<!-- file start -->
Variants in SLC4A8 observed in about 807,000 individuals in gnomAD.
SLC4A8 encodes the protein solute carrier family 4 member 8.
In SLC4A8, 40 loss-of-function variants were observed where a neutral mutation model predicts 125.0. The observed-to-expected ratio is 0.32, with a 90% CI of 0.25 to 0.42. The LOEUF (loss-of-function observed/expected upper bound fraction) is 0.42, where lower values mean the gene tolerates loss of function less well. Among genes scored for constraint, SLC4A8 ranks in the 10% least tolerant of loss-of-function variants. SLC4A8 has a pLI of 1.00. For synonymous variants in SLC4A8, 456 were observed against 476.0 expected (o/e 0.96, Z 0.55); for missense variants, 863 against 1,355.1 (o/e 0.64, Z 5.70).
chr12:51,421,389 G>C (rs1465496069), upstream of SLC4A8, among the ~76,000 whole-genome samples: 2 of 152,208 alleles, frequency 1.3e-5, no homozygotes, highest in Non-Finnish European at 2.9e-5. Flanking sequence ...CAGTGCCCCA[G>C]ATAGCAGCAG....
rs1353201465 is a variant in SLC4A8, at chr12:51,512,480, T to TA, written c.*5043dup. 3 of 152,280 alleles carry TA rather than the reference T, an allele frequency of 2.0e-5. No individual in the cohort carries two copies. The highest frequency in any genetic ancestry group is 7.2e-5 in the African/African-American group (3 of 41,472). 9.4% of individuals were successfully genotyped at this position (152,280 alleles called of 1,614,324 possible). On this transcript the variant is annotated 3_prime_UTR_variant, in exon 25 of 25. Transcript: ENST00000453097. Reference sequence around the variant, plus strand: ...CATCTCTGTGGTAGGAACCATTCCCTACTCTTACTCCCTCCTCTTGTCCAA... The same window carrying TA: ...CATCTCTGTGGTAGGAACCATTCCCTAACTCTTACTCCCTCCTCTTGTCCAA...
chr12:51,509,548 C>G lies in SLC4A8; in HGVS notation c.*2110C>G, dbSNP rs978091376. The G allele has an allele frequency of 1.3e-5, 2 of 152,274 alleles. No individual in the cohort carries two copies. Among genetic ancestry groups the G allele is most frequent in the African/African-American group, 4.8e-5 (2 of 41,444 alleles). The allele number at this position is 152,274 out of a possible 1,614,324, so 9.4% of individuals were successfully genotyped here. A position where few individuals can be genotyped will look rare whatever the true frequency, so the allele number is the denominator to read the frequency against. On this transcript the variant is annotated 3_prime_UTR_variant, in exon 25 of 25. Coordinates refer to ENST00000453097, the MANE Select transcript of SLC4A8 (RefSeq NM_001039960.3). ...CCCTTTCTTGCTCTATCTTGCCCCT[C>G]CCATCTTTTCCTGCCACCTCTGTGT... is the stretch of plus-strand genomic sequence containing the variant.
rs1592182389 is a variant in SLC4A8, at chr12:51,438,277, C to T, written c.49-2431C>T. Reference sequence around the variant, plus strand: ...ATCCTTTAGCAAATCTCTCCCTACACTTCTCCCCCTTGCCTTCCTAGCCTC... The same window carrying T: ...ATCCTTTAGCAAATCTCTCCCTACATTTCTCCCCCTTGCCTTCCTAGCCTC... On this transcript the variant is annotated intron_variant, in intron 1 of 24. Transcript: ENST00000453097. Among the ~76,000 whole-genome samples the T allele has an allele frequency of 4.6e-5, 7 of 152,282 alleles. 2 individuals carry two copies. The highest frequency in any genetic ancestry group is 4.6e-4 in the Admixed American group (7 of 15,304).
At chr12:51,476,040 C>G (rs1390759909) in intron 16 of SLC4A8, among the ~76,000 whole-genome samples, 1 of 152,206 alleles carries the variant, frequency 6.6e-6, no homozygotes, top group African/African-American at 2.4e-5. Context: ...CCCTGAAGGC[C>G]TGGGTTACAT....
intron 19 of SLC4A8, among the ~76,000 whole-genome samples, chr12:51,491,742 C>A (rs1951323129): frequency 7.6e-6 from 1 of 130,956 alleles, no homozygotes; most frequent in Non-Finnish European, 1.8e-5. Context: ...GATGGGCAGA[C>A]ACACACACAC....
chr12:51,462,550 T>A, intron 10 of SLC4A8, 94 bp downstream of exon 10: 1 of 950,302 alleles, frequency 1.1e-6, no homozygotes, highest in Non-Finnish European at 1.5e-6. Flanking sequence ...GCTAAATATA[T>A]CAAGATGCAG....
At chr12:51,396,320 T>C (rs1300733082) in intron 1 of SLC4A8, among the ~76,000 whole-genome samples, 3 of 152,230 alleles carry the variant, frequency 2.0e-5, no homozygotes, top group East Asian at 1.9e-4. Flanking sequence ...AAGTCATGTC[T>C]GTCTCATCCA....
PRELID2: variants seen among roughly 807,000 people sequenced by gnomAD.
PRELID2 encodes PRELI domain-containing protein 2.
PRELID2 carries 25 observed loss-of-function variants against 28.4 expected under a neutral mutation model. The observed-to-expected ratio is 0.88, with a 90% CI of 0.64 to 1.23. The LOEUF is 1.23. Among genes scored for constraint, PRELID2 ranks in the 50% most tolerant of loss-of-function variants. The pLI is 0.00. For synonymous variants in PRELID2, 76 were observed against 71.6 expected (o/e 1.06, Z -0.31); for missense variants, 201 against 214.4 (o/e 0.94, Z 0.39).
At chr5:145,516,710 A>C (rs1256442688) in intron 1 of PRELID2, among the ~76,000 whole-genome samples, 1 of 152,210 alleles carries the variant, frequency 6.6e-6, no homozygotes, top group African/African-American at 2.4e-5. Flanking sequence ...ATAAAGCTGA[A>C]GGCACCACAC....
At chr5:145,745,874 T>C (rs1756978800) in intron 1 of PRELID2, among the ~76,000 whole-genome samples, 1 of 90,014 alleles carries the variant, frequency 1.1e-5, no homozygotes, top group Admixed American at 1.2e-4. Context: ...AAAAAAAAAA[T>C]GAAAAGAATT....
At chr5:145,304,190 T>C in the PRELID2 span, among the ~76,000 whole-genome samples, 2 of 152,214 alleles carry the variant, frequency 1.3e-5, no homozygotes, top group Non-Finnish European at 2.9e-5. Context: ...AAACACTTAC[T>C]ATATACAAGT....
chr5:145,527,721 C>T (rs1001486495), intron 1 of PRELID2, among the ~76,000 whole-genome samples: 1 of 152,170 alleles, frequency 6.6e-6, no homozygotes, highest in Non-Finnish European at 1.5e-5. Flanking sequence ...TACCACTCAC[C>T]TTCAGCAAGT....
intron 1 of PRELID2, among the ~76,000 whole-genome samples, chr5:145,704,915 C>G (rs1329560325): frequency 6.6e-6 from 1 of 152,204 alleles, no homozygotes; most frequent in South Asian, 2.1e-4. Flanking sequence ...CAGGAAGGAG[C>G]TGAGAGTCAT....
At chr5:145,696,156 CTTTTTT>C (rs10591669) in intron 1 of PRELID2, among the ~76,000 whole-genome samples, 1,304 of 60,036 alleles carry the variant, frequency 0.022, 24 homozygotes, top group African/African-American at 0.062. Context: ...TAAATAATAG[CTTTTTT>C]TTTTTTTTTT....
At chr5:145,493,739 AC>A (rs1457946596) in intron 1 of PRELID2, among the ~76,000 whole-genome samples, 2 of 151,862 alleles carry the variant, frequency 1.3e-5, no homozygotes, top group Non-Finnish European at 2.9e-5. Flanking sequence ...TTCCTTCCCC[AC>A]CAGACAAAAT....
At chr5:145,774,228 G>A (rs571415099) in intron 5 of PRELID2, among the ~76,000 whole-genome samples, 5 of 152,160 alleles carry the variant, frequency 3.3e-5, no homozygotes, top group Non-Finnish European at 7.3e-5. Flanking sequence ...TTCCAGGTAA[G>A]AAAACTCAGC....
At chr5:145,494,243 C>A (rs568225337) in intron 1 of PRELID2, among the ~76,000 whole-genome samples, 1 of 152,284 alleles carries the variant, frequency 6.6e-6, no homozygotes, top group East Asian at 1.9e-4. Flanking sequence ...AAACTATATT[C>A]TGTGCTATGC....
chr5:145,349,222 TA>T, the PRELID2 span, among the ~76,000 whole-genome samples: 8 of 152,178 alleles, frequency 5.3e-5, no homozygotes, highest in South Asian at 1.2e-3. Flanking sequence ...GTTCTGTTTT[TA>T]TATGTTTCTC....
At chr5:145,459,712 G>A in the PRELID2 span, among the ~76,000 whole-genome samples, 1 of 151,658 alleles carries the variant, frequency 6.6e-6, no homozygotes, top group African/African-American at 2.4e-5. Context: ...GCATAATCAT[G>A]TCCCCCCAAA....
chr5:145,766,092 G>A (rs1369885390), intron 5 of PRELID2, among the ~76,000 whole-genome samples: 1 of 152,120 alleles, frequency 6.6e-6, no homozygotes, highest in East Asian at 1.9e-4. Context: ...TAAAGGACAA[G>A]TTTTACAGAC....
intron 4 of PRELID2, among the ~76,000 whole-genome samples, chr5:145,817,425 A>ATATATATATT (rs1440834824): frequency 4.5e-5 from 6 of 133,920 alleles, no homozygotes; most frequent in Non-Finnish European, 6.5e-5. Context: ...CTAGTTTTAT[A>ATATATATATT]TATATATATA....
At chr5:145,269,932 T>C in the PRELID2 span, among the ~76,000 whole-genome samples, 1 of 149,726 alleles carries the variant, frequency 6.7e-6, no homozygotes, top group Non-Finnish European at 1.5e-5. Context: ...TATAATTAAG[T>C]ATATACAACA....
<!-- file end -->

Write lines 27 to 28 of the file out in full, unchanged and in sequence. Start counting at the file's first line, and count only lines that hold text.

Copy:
intron 4 of PRELID2, among the ~76,000 whole-genome samples, chr5:145,817,425 A>ATATATATATT (rs1440834824): frequency 4.5e-5 from 6 of 133,920 alleles, no homozygotes; most frequent in Non-Finnish European, 6.5e-5. Context: ...CTAGTTTTAT[A>ATATATATATT]TATATATATA....
At chr5:145,269,932 T>C in the PRELID2 span, among the ~76,000 whole-genome samples, 1 of 149,726 alleles carries the variant, frequency 6.7e-6, no homozygotes, top group Non-Finnish European at 1.5e-5. Context: ...TATAATTAAG[T>C]ATATACAACA....